Seen on the Ferry









And on the island…









It was a quick day trip across Puget Sound to Marrowstone and Indian Islands, near Port Townsend. We hadn’t been there before and had an urge to check out the area.  The rather dark, cold and blustery day was like many other winter days in the Pacific Northwest, so that didn’t keep us from going out.

The ferry views are always pleasant if you can take the cold on deck! You could sit at a window, but the crossing is only a half hour, so I typically roam the ferry to see what I can see. I never sit down, though it would be satisfying with a good book – or good friends.

I enjoy the ferry itself – the heavy ropes, the nets to keep people off the deck, the safety signs, the solid build. Even the brooms were poised for a picture, so I clicked. The last shot is taken from behind the reinforced glass door towards the bow. I focused on the metal in the glass so the rest blurred. I like the effect.

The beach scenes are from Fort Flagler on Marrowstone Island.  A strategic coastal defense fort that is now a park, it was built in the 1890’s and was active during both World Wars and the Korean War. This spot and two others nearby were a “Triangle of Fire” that defended Puget Sound. By 1953 it was deactivated. The park has lovely views of the water and the Olympic Mountains (above).  And guess what – you can spend the night in the restored Engineer’s house, or how about the century-old Hospital Steward’s house?  That one comes with pressed tin ceilings in the bathroom, a claw foot tub, and of course a porch.  Prices are reasonable….

Finally,  in the tiny town of Nordland on Marrowstone Island, shellfish is still serious business:


We should get back here next summer.

For now, eagerly looking forward to a few days in the desert this week, in a remote corner of Arizona.


Having departed from Bainbridge Island a half hour earlier, the M/V Tacoma, a 460 foot ferry capable of carrying over 200 cars and 2000 passengers, is about to arrive in Seattle. I’m watching from the sidewalk next to the Four Seasons Hotel downtown, a few blocks from Pike Place Market.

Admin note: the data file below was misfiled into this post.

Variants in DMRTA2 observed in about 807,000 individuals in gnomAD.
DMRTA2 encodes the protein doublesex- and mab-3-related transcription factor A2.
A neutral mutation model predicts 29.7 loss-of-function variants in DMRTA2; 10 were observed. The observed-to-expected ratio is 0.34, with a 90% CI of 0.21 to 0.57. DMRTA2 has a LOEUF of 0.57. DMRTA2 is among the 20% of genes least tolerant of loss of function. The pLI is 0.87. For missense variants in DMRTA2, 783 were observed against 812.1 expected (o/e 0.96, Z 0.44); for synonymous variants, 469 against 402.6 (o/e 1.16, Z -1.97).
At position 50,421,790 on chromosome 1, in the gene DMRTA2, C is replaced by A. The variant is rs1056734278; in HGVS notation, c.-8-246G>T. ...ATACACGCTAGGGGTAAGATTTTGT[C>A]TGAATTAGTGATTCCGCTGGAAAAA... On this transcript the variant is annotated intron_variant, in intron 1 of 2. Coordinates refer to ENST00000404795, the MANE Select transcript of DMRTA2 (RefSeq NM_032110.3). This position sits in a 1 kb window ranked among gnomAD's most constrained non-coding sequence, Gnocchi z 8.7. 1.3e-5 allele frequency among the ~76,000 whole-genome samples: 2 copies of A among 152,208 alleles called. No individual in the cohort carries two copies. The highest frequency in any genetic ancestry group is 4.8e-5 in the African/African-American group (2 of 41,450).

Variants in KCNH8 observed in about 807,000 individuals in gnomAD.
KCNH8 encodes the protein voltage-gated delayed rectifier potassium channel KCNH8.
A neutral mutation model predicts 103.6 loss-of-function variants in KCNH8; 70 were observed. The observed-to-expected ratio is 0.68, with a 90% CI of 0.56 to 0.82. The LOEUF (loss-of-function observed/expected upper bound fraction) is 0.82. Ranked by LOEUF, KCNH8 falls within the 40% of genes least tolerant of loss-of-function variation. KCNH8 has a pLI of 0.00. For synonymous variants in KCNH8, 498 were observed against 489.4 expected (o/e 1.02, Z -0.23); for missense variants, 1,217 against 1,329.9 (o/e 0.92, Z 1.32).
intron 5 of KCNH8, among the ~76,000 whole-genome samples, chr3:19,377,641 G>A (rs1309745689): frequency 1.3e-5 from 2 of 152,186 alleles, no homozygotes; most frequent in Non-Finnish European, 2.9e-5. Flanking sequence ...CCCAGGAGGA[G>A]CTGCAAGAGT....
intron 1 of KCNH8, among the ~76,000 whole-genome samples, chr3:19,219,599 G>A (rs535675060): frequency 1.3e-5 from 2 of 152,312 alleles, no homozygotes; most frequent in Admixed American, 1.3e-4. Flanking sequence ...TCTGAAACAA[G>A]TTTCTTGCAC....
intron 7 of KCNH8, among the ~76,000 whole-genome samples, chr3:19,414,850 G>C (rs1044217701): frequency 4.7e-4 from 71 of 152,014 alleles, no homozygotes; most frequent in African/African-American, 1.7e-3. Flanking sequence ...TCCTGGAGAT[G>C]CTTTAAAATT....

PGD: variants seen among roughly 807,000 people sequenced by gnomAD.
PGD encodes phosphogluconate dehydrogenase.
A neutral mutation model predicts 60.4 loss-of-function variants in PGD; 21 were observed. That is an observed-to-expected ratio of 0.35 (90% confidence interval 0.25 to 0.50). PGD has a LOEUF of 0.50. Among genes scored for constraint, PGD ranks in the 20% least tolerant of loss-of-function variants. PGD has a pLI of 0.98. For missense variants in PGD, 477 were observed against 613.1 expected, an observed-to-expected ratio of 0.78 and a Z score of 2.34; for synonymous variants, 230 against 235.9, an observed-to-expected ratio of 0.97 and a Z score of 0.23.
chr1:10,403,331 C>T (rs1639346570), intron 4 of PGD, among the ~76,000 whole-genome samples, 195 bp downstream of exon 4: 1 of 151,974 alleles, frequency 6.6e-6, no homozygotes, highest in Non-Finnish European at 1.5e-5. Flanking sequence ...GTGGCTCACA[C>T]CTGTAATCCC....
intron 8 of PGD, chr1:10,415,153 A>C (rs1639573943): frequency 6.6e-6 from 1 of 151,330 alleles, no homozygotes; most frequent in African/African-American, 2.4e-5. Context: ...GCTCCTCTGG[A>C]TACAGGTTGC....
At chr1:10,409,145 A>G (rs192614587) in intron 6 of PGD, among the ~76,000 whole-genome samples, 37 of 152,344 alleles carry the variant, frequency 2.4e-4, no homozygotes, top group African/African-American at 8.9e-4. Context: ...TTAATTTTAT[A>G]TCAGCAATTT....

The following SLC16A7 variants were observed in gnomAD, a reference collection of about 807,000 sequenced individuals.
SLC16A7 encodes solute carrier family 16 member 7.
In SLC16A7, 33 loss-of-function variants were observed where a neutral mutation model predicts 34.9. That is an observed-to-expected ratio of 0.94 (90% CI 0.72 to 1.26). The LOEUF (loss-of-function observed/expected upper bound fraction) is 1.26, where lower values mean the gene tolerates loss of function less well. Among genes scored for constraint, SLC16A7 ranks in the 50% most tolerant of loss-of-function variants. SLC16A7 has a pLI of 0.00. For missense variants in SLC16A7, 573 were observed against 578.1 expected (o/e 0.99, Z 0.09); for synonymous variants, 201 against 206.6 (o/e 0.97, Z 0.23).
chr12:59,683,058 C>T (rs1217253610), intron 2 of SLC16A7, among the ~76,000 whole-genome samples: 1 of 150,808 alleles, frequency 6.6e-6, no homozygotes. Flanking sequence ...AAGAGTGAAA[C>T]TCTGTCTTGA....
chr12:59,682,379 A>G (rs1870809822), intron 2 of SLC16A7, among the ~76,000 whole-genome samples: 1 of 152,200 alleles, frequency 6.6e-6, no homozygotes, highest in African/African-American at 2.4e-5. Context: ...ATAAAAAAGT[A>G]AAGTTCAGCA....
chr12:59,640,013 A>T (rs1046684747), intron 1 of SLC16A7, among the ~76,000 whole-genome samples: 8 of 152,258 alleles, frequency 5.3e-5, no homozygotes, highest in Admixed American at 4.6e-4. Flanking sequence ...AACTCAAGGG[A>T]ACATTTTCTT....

It’s spitting rain out there. The sky is changeable today, morphing through rain and sun-break, and back to rain again. I don’t mind – it’s a nice departure from the blank, featureless grays that typify northwest winters. I’ve just been to the Seattle Art Museum and I’m headed to Pike Place for coffee at Le Panier, with a stop along the way to take in the view.


Looking at art can have the effect of making the most mundane objects around you look new. Museum and gallery walls expand to encompass the street, and everyday objects take on the guise of “art.”  Recognizing patterns, color and form in new ways, you interact differently with the world. Neurologists might say this phenomenon is an opening up of neural pathways that, once activated, start to repeat themselves in grooved loops of pleasure.  OK, that’s fuzzy science, but whatever the explanation, spending time with painting and sculpture can energize the way you look at the world.




No doubt many people would recognize the sculptural quality of this construction site near the waterfront, but after studying a beautiful steel and glass Christopher Wilmarth piece at the museum, I find the industrial duct work alive with formal possibilities.

Wilmarth, a minimalist sculptor who died in 1987, bent heavy sheets of roughly finished steel and thick slabs of plate glass like you might fold a piece of cardboard, juxtaposing their contrasting properties with apparent ease. His work caught my eye at a 1970 Whitney Museum sculpture exhibit – I still have the catalog. I’d forgotten about him, so it was exciting to see his sculpture commanding the floor in a museum show about Light and Space.



Another work that stayed with me the rest of the day was a large white painting by an artist I wasn’t familiar with, Mary Corse. Her minimalist work, especially the all white painting series, doesn’t reproduce well, but it’s very intriguing to be around. Corse uses the tiny glass beads that make road signs reflective to lend a changeable quality to the light that hits and emanates from her paintings. As I walked around her paintings the surface shifted, a pleasant, meditative experience.

One painting brought to mind a Puget Sound fog, though she would reject that characterization. For her, the paintings don’t reference landscapes or anything else in the outer world. Rather, they’re perceptual tools to make us understand reality in a new way, generating new meaning, or presence, or state of being.”